‘The current exhibition of Karíma Al-Mukhtar holds a quiet self-determining diction. Seemingly, it is a neat intervention into the private space of one’s self, and its subtlety and difficult classification are directly proportional to the lack of transparency of the inner terrain and its impenetrable organic emotionality. The corporate uniformity and informative overload networked into the society are the basis for a disoriented existence, and a stable feeling of dissonant un/certainty is becoming more and more the matter of day-to-day experience. The possibilities of dealing with that depend only on individual dispositions. In the case of Karmína Al-Mukhtar, the defense mechanism is the self-examination of personal archeology, focused objective introspection in the manner of handcrafting.
The basis for the ego space trip is a visual wondering about finding an identity, finding one’s self in things that get daily into our way, and repeated attempts to create the impossible. Karíma Al-Mukhtar largely ignores trends and current artistic strategies. She works with tradition perceived from the beginning, rediscovers and brings back original crafting techniques, and therefore it is possible to extract her non-literal intermediary artistic ability regularly and without any disdain from the word ‘be able.’
She focuses on ceramics as well as on embroidery, which are – by the way – proven therapeutic techniques. However, she treats those techniques with stubborn tenacity. Therefore, she burns clay in the old way on an open fire, and she uses a needle and a thread to decorate washed-up wood, a wall or a glass pane.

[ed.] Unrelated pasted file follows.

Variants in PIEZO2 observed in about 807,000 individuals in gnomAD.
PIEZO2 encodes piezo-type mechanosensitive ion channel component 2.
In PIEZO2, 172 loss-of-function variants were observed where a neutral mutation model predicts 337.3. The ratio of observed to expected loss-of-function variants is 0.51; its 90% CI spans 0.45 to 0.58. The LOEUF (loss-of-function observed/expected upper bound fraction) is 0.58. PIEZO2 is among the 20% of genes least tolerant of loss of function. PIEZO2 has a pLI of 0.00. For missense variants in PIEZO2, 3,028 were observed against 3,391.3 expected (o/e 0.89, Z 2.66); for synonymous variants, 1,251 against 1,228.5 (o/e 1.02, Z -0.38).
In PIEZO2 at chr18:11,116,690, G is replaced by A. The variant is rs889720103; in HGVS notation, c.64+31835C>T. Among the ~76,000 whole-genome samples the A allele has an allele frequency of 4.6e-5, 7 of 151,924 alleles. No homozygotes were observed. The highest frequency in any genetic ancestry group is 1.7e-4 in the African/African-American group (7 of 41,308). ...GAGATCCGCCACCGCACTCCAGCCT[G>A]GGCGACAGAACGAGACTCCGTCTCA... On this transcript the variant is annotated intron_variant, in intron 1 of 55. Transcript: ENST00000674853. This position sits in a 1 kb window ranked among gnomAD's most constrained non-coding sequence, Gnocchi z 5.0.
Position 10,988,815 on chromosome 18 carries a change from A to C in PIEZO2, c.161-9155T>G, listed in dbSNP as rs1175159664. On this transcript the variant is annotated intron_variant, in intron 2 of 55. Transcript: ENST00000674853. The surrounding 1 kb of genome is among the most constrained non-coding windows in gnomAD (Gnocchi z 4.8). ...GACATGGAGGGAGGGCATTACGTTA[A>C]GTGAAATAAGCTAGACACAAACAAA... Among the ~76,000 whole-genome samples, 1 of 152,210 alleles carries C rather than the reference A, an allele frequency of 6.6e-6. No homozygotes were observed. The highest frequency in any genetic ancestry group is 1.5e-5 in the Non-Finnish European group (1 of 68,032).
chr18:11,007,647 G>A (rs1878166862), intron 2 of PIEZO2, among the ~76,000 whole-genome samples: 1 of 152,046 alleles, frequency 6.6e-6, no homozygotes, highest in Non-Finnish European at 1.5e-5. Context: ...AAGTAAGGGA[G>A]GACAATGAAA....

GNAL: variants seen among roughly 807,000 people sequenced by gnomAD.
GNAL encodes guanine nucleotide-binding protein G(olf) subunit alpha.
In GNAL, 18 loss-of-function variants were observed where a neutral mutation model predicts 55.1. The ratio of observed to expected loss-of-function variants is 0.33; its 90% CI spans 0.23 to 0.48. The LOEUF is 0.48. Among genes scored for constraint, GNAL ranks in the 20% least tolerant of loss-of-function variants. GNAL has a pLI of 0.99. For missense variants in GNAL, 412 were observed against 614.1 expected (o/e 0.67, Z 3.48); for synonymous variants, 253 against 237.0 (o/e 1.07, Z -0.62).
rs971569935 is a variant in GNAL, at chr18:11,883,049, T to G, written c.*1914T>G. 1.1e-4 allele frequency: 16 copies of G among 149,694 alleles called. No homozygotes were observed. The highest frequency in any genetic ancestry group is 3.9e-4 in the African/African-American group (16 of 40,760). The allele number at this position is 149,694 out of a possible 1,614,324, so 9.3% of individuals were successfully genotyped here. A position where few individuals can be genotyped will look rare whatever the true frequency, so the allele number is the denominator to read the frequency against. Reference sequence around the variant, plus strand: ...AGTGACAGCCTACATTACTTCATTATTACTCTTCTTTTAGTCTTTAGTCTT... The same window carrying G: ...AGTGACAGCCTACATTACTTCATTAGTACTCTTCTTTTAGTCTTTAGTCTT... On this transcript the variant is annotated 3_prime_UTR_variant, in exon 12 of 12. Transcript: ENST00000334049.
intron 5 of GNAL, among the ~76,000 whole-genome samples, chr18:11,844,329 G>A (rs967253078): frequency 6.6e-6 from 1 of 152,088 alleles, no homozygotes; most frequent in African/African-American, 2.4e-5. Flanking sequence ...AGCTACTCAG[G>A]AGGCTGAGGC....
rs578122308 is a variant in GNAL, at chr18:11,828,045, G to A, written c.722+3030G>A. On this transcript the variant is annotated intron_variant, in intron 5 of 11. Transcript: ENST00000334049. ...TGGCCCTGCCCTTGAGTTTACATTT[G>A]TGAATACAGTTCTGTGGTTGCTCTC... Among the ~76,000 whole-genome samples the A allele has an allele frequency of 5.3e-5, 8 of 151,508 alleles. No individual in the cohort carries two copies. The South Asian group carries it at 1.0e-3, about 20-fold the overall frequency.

It is no coincidence that one part of her visual language is also the old Japanese art of Kintsugi, which originated in the 15th century and it concerns restoring ceramics. In short – broken items, which one desires to preserve, are not repaired in a way so that their defects are as little visible as possible. On the contrary, cracks are highlighted by a special putty mixture, which contains some precious material, most commonly powdered gold. The indisposition then becomes significant merit. And that can be mirrored in life. The layered project of Karíma Al-Mukhtar is, therefore, mainly about common things not usually being what they appear to be at first glance.’ – Radek Wohlmuth.
Karmína Al-Mukhtar graduated from not one but three art schools (FUD Ústí nad Labem, UMPRUM, AVU) and completed several internships abroad; she is a multimedia artist that works with combining various approaches and techniques. The leitmotif of her works is identity and tradition. It is not only content that is important for her but also craftsmanship – one of the repetitive principles in her work is a challenging work with embroidery – the creation of a whole collection of works may take up to one year. As the artist, herself says: ‘If in art, as in any other area of human activity, there is growing pressure on the speed of production, ideally all should be made immediately, then I go in the opposite direction.’